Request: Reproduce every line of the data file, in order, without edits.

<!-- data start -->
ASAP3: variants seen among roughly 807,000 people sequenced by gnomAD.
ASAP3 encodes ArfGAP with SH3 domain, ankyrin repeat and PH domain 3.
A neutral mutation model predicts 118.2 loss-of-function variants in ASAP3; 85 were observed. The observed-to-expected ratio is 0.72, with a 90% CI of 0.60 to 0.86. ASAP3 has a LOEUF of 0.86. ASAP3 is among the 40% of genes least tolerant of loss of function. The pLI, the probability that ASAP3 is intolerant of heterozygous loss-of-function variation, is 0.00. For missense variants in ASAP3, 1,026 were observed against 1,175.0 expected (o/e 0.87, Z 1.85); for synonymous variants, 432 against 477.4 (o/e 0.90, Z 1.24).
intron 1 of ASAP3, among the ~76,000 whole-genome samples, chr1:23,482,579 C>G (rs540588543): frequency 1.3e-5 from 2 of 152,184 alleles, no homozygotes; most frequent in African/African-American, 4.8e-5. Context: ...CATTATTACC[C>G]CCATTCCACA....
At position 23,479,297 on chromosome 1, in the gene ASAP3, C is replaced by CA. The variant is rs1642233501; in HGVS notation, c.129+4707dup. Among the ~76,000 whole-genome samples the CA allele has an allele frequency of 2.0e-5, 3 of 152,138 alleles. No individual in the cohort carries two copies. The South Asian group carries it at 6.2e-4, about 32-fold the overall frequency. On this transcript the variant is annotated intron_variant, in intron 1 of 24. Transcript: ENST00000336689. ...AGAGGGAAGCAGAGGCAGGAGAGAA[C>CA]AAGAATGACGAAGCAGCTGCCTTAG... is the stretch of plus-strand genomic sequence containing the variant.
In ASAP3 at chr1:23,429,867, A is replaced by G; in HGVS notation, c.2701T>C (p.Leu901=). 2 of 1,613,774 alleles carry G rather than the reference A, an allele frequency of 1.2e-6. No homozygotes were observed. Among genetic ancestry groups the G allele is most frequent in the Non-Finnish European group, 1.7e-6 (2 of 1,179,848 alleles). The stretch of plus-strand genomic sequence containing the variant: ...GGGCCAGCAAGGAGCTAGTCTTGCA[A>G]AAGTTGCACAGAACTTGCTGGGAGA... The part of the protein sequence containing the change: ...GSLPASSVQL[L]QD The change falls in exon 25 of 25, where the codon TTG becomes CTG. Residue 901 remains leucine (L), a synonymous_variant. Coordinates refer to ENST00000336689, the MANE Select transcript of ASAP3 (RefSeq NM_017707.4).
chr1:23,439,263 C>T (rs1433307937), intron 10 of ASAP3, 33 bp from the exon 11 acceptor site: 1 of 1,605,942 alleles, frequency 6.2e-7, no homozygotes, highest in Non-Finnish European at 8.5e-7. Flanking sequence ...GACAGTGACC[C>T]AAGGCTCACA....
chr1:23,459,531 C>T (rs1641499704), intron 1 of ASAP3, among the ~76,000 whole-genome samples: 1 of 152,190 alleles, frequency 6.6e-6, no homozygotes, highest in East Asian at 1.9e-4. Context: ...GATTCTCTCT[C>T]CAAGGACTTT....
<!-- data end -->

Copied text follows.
ASAP3: variants seen among roughly 807,000 people sequenced by gnomAD.
ASAP3 encodes ArfGAP with SH3 domain, ankyrin repeat and PH domain 3.
A neutral mutation model predicts 118.2 loss-of-function variants in ASAP3; 85 were observed. The observed-to-expected ratio is 0.72, with a 90% CI of 0.60 to 0.86. ASAP3 has a LOEUF of 0.86. ASAP3 is among the 40% of genes least tolerant of loss of function. The pLI, the probability that ASAP3 is intolerant of heterozygous loss-of-function variation, is 0.00. For missense variants in ASAP3, 1,026 were observed against 1,175.0 expected (o/e 0.87, Z 1.85); for synonymous variants, 432 against 477.4 (o/e 0.90, Z 1.24).
intron 1 of ASAP3, among the ~76,000 whole-genome samples, chr1:23,482,579 C>G (rs540588543): frequency 1.3e-5 from 2 of 152,184 alleles, no homozygotes; most frequent in African/African-American, 4.8e-5. Context: ...CATTATTACC[C>G]CCATTCCACA....
At position 23,479,297 on chromosome 1, in the gene ASAP3, C is replaced by CA. The variant is rs1642233501; in HGVS notation, c.129+4707dup. Among the ~76,000 whole-genome samples the CA allele has an allele frequency of 2.0e-5, 3 of 152,138 alleles. No individual in the cohort carries two copies. The South Asian group carries it at 6.2e-4, about 32-fold the overall frequency. On this transcript the variant is annotated intron_variant, in intron 1 of 24. Transcript: ENST00000336689. ...AGAGGGAAGCAGAGGCAGGAGAGAA[C>CA]AAGAATGACGAAGCAGCTGCCTTAG... is the stretch of plus-strand genomic sequence containing the variant.
In ASAP3 at chr1:23,429,867, A is replaced by G; in HGVS notation, c.2701T>C (p.Leu901=). 2 of 1,613,774 alleles carry G rather than the reference A, an allele frequency of 1.2e-6. No homozygotes were observed. Among genetic ancestry groups the G allele is most frequent in the Non-Finnish European group, 1.7e-6 (2 of 1,179,848 alleles). The stretch of plus-strand genomic sequence containing the variant: ...GGGCCAGCAAGGAGCTAGTCTTGCA[A>G]AAGTTGCACAGAACTTGCTGGGAGA... The part of the protein sequence containing the change: ...GSLPASSVQL[L]QD The change falls in exon 25 of 25, where the codon TTG becomes CTG. Residue 901 remains leucine (L), a synonymous_variant. Coordinates refer to ENST00000336689, the MANE Select transcript of ASAP3 (RefSeq NM_017707.4).
chr1:23,439,263 C>T (rs1433307937), intron 10 of ASAP3, 33 bp from the exon 11 acceptor site: 1 of 1,605,942 alleles, frequency 6.2e-7, no homozygotes, highest in Non-Finnish European at 8.5e-7. Flanking sequence ...GACAGTGACC[C>T]AAGGCTCACA....
chr1:23,459,531 C>T (rs1641499704), intron 1 of ASAP3, among the ~76,000 whole-genome samples: 1 of 152,190 alleles, frequency 6.6e-6, no homozygotes, highest in East Asian at 1.9e-4. Context: ...GATTCTCTCT[C>T]CAAGGACTTT....